She stressed the need for a comprehensive political strategy that includes reforms and measures to address the structural causes of the conflicts. She welcomed the 15 March opening of the new parliamentary session and the inclusion of draft bills on its agenda including one involving the electoral process and another on combating racism. To reduce some of the existing vulnerabilities in areas from which MONUSCO is progressively disengaging, efforts are also under way to advance the humanitarian, development and peace nexus approach. In Tanganyika province, the Mission is closely monitoring the evolution of the security dynamics, particularly in Nyunzu territory and Bendera area to maintain a nimble planning for the scheduled withdrawal of the Mission in June.
NICOLAS DE RIVIÈRE (France) welcomed progress made in preparing for presidential and legislative elections in 2023 and stated that work should continue according to the Independent National Electoral Commission’s road map. On the security situation, he said that cooperation to counter armed and criminal groups should continue to be reinforced, while noting concerted actions by the Ugandan and Congolese armed forces against the Allied Democratic Forces and agreements reached between the Rwandan and Congolese police. As progress is achieved in arms control, the Council could ease controls over military assistance. Stressing that “spoilers must be stripped of their means to do harm”, he condemned attacks on camps for internally displaced persons and called on MONUSCO and the Congolese armed forces to protect the same. He also said that it is up to the Council to sanction those who plunder the natural resources of the Congolese people. On MONUSCO, he noted that benchmarks under the Mission’s transition plan are subject to regular follow-up, which will make it possible to regulate its gradual withdrawal.
TRINE HEIMERBACK (Norway) pointed out that the illicit exploitation of natural resources remains a driver of conflict in the Democratic Republic of the Congo, generating significant revenues for armed groups, representing a lost opportunity for the State and inflicting additional suffering on the civilian population. Expressing concern over the use of children in mines and the exploitation of women in the mining sector, she stressed that regional cooperation is key to curbing this trade and urged relevant States to implement the recommendations from the Workshop on Natural Resources in the Great Lakes Region held in Khartoum in 2021. Turning to MONUSCO, she said that the Mission’s ultimate success hinges on a well-executed transition that includes a clear focus on protecting civilians. The joint transition plan illustrates that stabilization cannot be achieved by military means alone, and she encouraged the Mission and national authorities to continue to include civil society, local community leaders, women and youth in identifying concrete steps towards further stabilization efforts and dialogue. She added that this process cannot be rushed and must be based on the situation on the ground rather than fixed deadlines.
ANNA M. EVSTIGNEEVA (Russian Federation), noting escalating security problems in the provinces of Ituri and North Kivu, welcomed efforts to counter militias operating in those areas. However, the Congolese armed forces and their regional partners have not yet managed to fundamentally curb such militia’s capacity to do harm. Activity by the Allied Democratic Forces and the Cooperative for the Development of the Congo has increased, including the use of improvised explosives and the targeting of civilians and camps for internally displaced persons. In response, coordination must be strengthened between peacekeepers and the Congolese security forces and, further, capacity-building must be facilitated for the latter. Turning to MONUSCO’s joint transition plan for its drawdown and withdrawal in 2024, she said that the same must account for the situation and developments on the ground and operate in a phased, responsible way. Also noting the persistent, acute problem of fighters illicitly exploiting the country’s natural resources to fund operations and build military capacity, she expressed hope that the Government — alongside its partners and the United Nations — will restore control over this situation.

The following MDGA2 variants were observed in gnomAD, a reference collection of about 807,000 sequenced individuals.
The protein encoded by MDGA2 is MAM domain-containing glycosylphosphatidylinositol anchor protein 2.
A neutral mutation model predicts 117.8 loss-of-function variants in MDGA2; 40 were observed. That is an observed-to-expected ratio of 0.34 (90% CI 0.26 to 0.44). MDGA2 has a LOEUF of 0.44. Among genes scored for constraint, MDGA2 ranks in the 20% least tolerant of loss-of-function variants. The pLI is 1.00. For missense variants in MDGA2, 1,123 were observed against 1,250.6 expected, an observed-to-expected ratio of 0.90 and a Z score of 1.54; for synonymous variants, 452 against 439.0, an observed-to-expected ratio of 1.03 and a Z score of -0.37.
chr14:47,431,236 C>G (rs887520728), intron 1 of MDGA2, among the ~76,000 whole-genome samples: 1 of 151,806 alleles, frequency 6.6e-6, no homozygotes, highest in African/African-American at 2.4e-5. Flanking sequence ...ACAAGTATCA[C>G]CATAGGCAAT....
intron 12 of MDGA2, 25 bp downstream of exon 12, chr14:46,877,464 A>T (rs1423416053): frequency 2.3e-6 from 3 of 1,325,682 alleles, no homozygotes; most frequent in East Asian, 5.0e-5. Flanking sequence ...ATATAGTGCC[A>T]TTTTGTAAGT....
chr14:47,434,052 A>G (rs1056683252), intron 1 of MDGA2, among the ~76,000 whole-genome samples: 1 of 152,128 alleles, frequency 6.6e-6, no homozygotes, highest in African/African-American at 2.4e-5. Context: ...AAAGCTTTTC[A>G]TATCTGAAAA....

JOÃO GENÉSIO DE ALMEIDA FILHO (Brazil) expressed grave concern about the security situation in the provinces of Ituri and North Kivu. Dozens of incidents have affected United Nations programmes and personnel. Not all of them directly caused by non-State armed groups, he said, noting that Congolese authorities and the Mission are engaged to address an incident where FARDC fired at a MONUSCO patrol. Brazil has had the honour of contributing to MONUSCO by appointing some of its most distinguished officers to the position of Force Commander. Turning to the recent steps of increased cross-border cooperation between the Democratic Republic of the Congo and Rwanda, as well as the joint military operation involving FARDC and UPDF, he said these initiatives, provided they are fully respectful of the host country’s sovereignty and territorial integrity, may create conditions for more effective actions in the stabilization of the region.